Spineless Wonders: The Pelagic Fauna
Institute of Marine Science
University of Alaska, Fairbanks
For more than 100 years, we have collected animals that drift in the water column with plankton nets. These nets are pulled blindly through the water, collecting primarily the smaller, slower, more numerous and more robust species. Thus, we have been able to adequately sample only a small fraction of the diversity present in the pelagic realm. As a result, we have a notable gap in our understanding of the linkages between algal production, the production of planktonic herbivores, and in turn the production of their predators in the oceans. We are unable to accurately predict when, where and how these soft-bodied animals regulate the flow of the materials and energy through oceanic food webs. In contrast, we know a great deal about the more numerous crustacean zooplankton such as the copepods (the seas insects) and euphausiids throughout the world's oceans.
Remotely Operated Vehicles (ROVs) and submersibles offer opportunities for direct observations of the species that are normally missed by plankton nets because they are either too rare, too fragile, or too fast for us to catch. Undersea vehicles have substantially expanded our knowledge about behavior, biodiversity and vertical distribution of pelagic animals. In addition, submersible tools can permit us to capture live, undamaged specimens. ROVs and submersibles also allow us to make observations on finer scales of space and time than is possible by plankton nets.
During this expedition, we will search the water column under the Arctic ice-sheet for new species of gelatinous zooplankton and cephalopods. We will photograph living animals and their behavior, and we will collect specimens for morphological analysis and molecular fingerprinting. We also plan to assess the vertical distribution and abundance of this fauna relative to that of potential prey and the physical structure of the water column.
Pelagic Fauna in the Arctic
Gelatinous zooplankton are translucent creatures, often vividly pigmented, as bizarre as they are beautiful. These animals are ubiquitous in the oceans, and many species have persisted for hundred of millions of years. However, we know relatively little about species such as ctenophores, siphonophores, hydromedusae, scyphomedusae, pteropods, heteropods, and pelagic tunicates like salps, doliolids, pyrosomes and larvaceans. The most obvious explanation for this disparity is their extreme fragility. Collecting these animals with nets usually destroys most soft-bodied species or breaks them into fragments that are usually ignored, discarded, misidentified, or simply recorded as jelly. Furthermore, conventional preservatives typically dissolve the natural rich iridescent colors of live animals and often liquify them.
Therefore, it is not surprising that scientists underestimate the basic biodiversity as well as the biomass and abundance of gelatinous animals, especially in Arctic seas. Historically, some scientists assumed that these zooplankton are unimportant to ecosystem function. However, recent investigations have demonstrated that these soft-bodied animals are capable of much higher rates of ingestion, growth, and reproduction than crustaceans, which allows them to respond more rapidly to shifts in primary productivity. This fact is especially true in Arctic polynyas, and large populations have been recorded in the Bering Straits.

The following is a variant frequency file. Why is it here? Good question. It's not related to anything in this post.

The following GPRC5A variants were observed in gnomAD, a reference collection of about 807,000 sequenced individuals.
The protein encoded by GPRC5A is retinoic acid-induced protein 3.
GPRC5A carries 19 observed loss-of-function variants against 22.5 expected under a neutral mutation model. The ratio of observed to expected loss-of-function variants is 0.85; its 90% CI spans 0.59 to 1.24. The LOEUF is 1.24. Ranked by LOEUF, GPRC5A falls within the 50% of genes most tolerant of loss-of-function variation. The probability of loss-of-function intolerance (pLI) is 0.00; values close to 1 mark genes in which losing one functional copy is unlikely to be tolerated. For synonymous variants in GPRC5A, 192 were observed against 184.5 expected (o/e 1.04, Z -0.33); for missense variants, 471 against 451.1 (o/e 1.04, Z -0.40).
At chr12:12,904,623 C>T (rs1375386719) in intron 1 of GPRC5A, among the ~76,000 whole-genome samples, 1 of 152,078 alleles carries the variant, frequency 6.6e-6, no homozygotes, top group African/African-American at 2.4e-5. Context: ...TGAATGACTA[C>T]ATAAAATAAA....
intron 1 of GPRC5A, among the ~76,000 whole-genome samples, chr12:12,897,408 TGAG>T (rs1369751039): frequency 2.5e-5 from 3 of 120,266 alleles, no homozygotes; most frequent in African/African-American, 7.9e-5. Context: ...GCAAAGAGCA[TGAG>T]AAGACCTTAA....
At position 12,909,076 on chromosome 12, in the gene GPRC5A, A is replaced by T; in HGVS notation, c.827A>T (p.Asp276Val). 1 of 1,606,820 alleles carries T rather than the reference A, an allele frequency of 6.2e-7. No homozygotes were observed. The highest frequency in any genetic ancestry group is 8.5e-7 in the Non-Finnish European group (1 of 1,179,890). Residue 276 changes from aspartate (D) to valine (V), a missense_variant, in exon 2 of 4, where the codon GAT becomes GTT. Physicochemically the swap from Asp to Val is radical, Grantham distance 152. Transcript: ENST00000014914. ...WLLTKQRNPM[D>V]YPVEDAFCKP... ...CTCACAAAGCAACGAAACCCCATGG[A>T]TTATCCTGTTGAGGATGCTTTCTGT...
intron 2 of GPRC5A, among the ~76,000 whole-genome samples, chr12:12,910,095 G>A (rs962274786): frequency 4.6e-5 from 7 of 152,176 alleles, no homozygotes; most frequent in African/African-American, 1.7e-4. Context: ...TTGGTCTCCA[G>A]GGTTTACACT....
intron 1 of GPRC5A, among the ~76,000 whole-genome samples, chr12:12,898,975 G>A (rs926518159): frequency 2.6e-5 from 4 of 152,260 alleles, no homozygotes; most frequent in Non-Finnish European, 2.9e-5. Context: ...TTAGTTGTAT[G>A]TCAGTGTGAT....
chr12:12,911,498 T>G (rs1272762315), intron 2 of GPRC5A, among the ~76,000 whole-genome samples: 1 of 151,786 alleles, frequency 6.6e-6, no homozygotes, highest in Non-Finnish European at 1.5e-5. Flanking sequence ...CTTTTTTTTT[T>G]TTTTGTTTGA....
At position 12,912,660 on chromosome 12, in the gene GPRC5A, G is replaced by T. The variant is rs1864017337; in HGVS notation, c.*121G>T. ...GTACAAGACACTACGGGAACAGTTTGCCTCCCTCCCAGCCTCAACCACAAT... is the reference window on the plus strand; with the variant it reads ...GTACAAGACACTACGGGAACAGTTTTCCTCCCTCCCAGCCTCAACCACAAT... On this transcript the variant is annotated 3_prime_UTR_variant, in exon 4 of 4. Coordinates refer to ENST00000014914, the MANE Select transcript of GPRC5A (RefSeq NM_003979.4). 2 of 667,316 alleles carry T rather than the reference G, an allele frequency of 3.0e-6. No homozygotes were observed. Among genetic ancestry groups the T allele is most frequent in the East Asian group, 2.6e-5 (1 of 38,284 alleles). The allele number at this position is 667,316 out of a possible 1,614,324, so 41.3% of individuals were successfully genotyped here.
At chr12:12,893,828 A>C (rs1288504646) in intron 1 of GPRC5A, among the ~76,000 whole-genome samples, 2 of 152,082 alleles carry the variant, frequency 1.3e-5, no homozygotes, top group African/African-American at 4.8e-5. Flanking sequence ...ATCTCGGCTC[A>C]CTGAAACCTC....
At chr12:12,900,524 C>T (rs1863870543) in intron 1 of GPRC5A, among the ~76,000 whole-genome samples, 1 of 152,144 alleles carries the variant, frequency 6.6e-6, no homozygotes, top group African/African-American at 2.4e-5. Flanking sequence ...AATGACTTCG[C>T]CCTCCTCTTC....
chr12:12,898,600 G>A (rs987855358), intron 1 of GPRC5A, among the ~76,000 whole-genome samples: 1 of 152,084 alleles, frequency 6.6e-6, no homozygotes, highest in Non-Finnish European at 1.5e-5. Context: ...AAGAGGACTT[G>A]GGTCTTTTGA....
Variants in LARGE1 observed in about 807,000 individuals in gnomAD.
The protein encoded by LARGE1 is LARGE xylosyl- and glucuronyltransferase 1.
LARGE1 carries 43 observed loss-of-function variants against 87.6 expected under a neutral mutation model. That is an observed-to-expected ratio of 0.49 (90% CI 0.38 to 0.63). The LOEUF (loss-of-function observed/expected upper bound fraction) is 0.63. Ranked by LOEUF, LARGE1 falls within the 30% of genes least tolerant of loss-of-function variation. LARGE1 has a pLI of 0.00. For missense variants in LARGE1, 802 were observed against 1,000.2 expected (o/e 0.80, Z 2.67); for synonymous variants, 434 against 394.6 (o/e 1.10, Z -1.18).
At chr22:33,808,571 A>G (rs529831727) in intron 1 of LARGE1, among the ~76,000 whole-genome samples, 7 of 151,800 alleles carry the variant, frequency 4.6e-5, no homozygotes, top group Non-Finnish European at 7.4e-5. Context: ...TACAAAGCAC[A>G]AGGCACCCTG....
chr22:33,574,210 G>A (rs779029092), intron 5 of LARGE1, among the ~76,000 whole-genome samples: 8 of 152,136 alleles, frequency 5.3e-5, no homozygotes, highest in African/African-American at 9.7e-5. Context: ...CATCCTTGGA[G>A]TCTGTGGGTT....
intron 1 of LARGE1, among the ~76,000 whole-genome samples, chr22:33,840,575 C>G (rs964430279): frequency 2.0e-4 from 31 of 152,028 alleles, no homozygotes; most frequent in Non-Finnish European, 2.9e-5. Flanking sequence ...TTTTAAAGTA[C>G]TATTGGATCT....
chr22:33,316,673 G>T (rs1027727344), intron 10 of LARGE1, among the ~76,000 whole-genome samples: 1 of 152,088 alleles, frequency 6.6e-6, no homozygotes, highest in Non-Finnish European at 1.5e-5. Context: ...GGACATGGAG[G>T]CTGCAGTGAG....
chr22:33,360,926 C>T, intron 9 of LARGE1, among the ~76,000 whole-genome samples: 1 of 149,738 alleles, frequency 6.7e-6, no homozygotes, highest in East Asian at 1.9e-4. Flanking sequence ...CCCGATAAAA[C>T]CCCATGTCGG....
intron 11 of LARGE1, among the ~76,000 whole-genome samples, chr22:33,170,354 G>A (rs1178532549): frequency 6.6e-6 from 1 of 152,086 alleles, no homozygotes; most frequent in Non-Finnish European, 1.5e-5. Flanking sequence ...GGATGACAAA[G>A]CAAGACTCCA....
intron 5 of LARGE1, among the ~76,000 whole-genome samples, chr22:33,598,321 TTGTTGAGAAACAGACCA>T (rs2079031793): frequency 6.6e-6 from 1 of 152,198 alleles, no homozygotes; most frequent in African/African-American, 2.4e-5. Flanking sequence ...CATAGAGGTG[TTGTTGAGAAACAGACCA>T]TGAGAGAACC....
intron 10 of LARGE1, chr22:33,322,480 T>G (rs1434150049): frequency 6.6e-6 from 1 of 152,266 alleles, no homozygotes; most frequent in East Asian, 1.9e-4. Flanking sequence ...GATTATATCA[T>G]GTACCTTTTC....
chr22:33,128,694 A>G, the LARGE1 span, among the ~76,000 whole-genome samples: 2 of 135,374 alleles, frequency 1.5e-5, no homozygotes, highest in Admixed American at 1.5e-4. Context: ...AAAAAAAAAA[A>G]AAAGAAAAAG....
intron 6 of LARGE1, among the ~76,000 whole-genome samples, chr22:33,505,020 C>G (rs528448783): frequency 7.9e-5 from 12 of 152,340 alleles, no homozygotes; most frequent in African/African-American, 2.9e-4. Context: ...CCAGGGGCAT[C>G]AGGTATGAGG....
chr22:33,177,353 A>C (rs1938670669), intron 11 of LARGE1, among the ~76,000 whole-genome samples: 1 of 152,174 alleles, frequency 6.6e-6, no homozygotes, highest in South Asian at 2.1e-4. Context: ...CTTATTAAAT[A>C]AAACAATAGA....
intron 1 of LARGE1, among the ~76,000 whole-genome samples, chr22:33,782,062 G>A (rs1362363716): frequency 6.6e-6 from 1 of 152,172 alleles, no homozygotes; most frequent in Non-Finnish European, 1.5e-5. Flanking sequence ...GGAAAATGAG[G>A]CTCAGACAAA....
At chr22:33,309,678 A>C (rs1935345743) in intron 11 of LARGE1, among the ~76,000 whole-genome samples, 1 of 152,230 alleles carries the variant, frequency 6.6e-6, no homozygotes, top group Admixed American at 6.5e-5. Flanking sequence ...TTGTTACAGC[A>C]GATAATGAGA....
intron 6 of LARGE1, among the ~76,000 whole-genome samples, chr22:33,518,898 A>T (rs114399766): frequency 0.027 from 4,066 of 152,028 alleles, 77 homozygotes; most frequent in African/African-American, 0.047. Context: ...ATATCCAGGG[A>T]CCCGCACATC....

Until recently, the importance of large populations of carnivorous species has been unappreciated in Arctic surface waters. For example, in the eastern Canadian high Arctic, we have estimated that the ctenophores consume up to 9 percent of the populations of the larger copepods every day. We expect that other gelatinous predators, when numerous, will have similar ecological impacts, particularly medusae and perhaps siphonophores. Several marine scientists have observed mounds of jellyfishes several feet high extending for miles along the shoreline near Barrow, Alaska.
On this expedition, we expect to find many unidentified species of predators, including ctenophores, siphonophores, hydromedusae, and scyphomedusae. These species feed on copepods, euphausiids, larvaceans, other jellies, and fishes. When we learn more about the diversity, occurrence and density of these groups, we will be better able to make predictions about their impact on prey populations in the Arctic.
Presently, the number of species recognized for each group varies depending on the source. A review of the major papers and monographs indicates six species of ctenophores, 45 species of medusae, 12 species of siphonophores, four species of pteropods and five species of larvaceans. Based on our submersible experience in other oceans, we expect to find at least twice as many species in each group during this expedition.
In contrast to the fragile gelatinous zooplankton, we know even less about Arctic cephalopods because they are adept at avoiding nets and trawls. We expect to use the ROV as a beacon for pelagic cephalopods that come to feed on fishes and crustaceans, which will be dazed by the lights of the vehicle. Observations of cephalopods in the water are particularly useful because we can see swimming behaviors and subtle taxonomic characters such as color patterns and skin texture. Gentle collection of specimens with ROV samplers also will provide us with accurate records of size and other shape measurements.
Although cephalopods play an important role in Arctic food webs as effective predators, we still know little about cephalopod fauna. In fact, we know of only seven cephalopod species that reside in the Arctic, and we know nothing about their ecological roles. Recent research on Antarctic cephalopods has revealed a much higher diversity than we first believed. We expect to find a similar case for the Arctic.
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